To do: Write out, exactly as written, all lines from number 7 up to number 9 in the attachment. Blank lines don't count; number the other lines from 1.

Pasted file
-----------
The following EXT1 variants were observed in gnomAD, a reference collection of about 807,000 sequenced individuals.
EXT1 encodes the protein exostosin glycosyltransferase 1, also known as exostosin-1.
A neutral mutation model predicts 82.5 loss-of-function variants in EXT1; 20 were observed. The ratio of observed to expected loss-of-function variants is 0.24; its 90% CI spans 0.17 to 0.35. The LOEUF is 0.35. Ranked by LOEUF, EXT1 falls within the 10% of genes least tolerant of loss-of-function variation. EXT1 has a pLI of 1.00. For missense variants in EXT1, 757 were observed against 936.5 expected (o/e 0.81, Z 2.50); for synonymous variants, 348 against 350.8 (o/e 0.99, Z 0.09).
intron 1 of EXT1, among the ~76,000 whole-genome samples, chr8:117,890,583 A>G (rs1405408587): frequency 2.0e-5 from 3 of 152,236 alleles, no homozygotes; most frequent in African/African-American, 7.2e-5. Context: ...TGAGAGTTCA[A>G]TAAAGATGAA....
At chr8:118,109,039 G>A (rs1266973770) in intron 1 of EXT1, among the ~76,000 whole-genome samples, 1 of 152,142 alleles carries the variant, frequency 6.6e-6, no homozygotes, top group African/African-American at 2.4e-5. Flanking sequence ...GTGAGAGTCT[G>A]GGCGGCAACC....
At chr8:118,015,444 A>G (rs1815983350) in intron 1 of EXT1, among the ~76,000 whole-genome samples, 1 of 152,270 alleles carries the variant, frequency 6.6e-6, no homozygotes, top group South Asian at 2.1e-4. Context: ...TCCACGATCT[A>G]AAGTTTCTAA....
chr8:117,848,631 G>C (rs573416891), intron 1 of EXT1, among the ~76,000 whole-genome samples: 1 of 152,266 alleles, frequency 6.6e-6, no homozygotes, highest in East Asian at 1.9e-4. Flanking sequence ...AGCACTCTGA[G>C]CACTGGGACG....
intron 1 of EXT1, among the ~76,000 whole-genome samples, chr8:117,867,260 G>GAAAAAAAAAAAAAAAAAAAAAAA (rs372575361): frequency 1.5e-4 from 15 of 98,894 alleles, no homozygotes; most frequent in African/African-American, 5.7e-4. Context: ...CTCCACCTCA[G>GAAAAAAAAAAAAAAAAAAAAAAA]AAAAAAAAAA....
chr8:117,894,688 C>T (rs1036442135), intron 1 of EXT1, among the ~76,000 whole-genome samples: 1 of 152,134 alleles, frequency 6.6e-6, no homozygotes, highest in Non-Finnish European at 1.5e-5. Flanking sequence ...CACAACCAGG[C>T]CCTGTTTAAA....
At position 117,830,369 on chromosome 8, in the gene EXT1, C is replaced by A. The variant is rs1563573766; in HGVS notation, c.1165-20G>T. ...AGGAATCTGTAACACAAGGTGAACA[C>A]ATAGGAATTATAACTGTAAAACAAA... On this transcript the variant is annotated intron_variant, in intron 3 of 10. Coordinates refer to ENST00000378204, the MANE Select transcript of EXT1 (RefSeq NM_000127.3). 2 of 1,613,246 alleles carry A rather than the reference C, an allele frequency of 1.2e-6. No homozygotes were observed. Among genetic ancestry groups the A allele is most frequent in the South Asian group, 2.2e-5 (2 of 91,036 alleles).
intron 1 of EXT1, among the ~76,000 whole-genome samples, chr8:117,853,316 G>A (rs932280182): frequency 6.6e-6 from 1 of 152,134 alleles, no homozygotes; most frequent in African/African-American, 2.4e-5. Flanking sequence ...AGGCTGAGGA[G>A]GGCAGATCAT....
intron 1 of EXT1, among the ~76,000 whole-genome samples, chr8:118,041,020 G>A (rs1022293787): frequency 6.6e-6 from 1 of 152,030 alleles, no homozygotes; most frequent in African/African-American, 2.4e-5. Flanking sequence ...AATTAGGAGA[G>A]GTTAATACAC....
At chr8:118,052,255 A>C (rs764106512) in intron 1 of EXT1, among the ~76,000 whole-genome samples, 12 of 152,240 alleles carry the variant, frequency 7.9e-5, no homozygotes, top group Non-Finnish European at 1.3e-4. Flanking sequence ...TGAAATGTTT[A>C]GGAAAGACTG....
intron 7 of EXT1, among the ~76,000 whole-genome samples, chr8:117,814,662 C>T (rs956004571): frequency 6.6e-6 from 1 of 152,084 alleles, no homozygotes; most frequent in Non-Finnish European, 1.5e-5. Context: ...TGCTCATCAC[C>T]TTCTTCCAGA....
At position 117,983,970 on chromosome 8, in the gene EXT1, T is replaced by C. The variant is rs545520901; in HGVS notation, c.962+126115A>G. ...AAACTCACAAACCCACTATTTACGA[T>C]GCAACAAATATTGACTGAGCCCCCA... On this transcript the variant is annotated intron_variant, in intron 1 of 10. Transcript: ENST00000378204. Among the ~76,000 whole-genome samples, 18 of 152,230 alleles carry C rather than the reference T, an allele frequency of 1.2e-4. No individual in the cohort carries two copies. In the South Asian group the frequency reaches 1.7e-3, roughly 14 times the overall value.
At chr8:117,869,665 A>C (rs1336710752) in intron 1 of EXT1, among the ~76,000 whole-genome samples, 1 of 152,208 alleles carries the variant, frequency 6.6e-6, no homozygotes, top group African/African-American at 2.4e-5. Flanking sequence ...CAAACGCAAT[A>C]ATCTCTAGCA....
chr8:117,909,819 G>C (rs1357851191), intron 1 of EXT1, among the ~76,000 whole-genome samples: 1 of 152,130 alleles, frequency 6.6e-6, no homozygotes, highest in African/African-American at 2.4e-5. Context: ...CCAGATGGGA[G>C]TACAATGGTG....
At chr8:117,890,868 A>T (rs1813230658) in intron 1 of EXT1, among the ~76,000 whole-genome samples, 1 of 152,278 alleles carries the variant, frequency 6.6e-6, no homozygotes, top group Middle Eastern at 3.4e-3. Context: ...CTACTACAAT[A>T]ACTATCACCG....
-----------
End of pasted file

chr8:117,848,631 G>C (rs573416891), intron 1 of EXT1, among the ~76,000 whole-genome samples: 1 of 152,266 alleles, frequency 6.6e-6, no homozygotes, highest in East Asian at 1.9e-4. Flanking sequence ...AGCACTCTGA[G>C]CACTGGGACG....
intron 1 of EXT1, among the ~76,000 whole-genome samples, chr8:117,867,260 G>GAAAAAAAAAAAAAAAAAAAAAAA (rs372575361): frequency 1.5e-4 from 15 of 98,894 alleles, no homozygotes; most frequent in African/African-American, 5.7e-4. Context: ...CTCCACCTCA[G>GAAAAAAAAAAAAAAAAAAAAAAA]AAAAAAAAAA....
chr8:117,894,688 C>T (rs1036442135), intron 1 of EXT1, among the ~76,000 whole-genome samples: 1 of 152,134 alleles, frequency 6.6e-6, no homozygotes, highest in Non-Finnish European at 1.5e-5. Flanking sequence ...CACAACCAGG[C>T]CCTGTTTAAA....